Monday, 25 May 2009

H809: Block three update

First off, apologies to H809ers for my absence over the last couple of weeks. I'm afraid that submitting my probation report, going back home for a family wedding and presenting at my research group conference (CALRG; a post on the conference to follow soon) has meant that H809 has had to take a bit of a back seat.

So I haven't been doing the reading for Block 3 but for excellent summaries and commentary on the last few weeks, please have a look at Juliette Culver's blog. In week 11, she raises some wothwhile points about how candid (or not) people are when filling in surveys while also discussing the notions of validity and reliability (where she notes "reliability is about whether you can consistently achieve the same results using methods, validity is about whether your methods tell you what you claim they do"). I think she also raises some interesting issues surrounding the concept of ethnographic research in weeks 13&14, especially in relation to virtual ethnography and the divide between the virtual and the real. I think the blurring of this divide is something we are seeing more of these days, and in terms of my area of research at least, we do need to be aware that this is not necessarily a binary distinction (if you want tto read more about this see Gordon Calleja's paper called the Binary Myth, 2008). There is also research going on within online gaming communities - virtual ethnographies within virtual worlds I guess - where an ethnographic approach has been adopted. For instance, Bonnie Nardi and colleagues has done some work looking at learning conversations in World of Warcraft. Though not really related to ethnographic study, I did consider some of the ethical issues of purposefully blurring these sorts of distinctions in my entry on alternate reality games.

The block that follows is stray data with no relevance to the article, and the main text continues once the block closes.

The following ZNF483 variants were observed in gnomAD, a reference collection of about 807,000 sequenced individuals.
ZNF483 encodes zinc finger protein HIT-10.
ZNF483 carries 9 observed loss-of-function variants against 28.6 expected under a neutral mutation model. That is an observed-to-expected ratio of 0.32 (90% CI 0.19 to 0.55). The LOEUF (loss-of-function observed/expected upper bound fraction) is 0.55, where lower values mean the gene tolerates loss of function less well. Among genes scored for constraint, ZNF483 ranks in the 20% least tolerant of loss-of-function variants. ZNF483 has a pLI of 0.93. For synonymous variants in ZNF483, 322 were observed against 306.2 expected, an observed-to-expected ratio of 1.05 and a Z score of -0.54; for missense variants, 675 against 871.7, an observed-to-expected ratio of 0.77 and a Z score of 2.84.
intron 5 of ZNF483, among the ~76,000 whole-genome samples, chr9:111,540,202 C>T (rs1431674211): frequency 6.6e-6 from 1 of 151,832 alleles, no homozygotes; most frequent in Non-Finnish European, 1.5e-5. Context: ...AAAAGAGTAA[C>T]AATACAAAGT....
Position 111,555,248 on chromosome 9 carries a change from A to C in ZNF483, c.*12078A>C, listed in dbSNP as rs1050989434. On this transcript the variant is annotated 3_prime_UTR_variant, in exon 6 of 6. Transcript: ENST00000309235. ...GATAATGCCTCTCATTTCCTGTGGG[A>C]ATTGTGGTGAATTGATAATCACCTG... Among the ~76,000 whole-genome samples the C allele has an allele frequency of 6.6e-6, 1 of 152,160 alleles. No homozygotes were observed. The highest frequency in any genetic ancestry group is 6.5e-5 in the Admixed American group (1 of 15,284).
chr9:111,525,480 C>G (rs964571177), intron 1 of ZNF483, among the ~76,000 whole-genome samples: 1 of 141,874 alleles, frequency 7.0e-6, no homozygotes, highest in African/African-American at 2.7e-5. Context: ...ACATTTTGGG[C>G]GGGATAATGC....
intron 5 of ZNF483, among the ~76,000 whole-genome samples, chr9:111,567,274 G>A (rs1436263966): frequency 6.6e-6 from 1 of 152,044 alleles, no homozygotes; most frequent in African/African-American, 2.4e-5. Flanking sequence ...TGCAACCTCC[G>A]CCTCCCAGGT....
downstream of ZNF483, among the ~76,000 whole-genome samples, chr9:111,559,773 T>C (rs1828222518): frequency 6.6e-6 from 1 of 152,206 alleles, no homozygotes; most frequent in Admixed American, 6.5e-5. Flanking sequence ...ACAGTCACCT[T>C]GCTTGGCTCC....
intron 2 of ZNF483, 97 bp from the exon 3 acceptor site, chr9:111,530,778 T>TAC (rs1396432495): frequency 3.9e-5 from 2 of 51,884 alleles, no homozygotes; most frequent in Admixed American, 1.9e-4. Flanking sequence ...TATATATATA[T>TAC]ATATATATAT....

Jansh has also been updating her blog regularly, reflecting on the week 11 podcasts, and has produced a really interesting post on the Browne (2003) "Conversations in cyberspace" reading, where she relates it to her own experience as an AL with the OU. She also discusses her ideas for her final H809 project, looking at how the teacher's wiki she has set up is being used. Her and James have also engaged in a discussion about wiki etiquette and how to encourage collaborative learning. As the reading and activity portion of the course comes to an end and the focus turns to your own research projects, I would just like to say that this doesn't mean that you can't blog about your own ideas. I'd be happy to try and give you my own take on your proposals, though it's probably best to think of me as another student commenting, rather than as a tutor since I won't be marking any of them! So even if you haven't been blogging throughout the course, now might be a good time to get some of those ideas out there for others to see.

Unfortunately, I have to echo some of Sonja's concerns about the lack of communication within the forums on H809, since discussions seems to have become less and less frequent as time has gone on. As such, there isn't a lot to report in terms of what's been happening on the forums, though there have been some interesting discussion about the difference between reviewing vs. consuming (in relation to the notion of peer review), the issue of trust and ethics when using CMC (in relation to the Bos. et al., 2002) and - from the sounds of it - some very legitimate concerns being raised about the research carried out by Davies and Graf (2005) on student grades and participation within an e-learning community. The latter discussions will be especially relevant for those finishing off their final TMA.

Right, I think I would like to end this post by urging students to respond to each others concerns (whether within forums or through blogs) as you are all part of a diverse community that can support each other through the trials and tribulations of online learning. Contributions don't always have to be profound - sometimes it's nice just to know someone else is out there going through what you are - but without any communication the whole experience can be quite frustrating and really wouldn't be taking advantage of all the potentially useful resources that are available. So please do get involved and I promise I'll be around till the end of the course to try and provide another perspective - if you want it!

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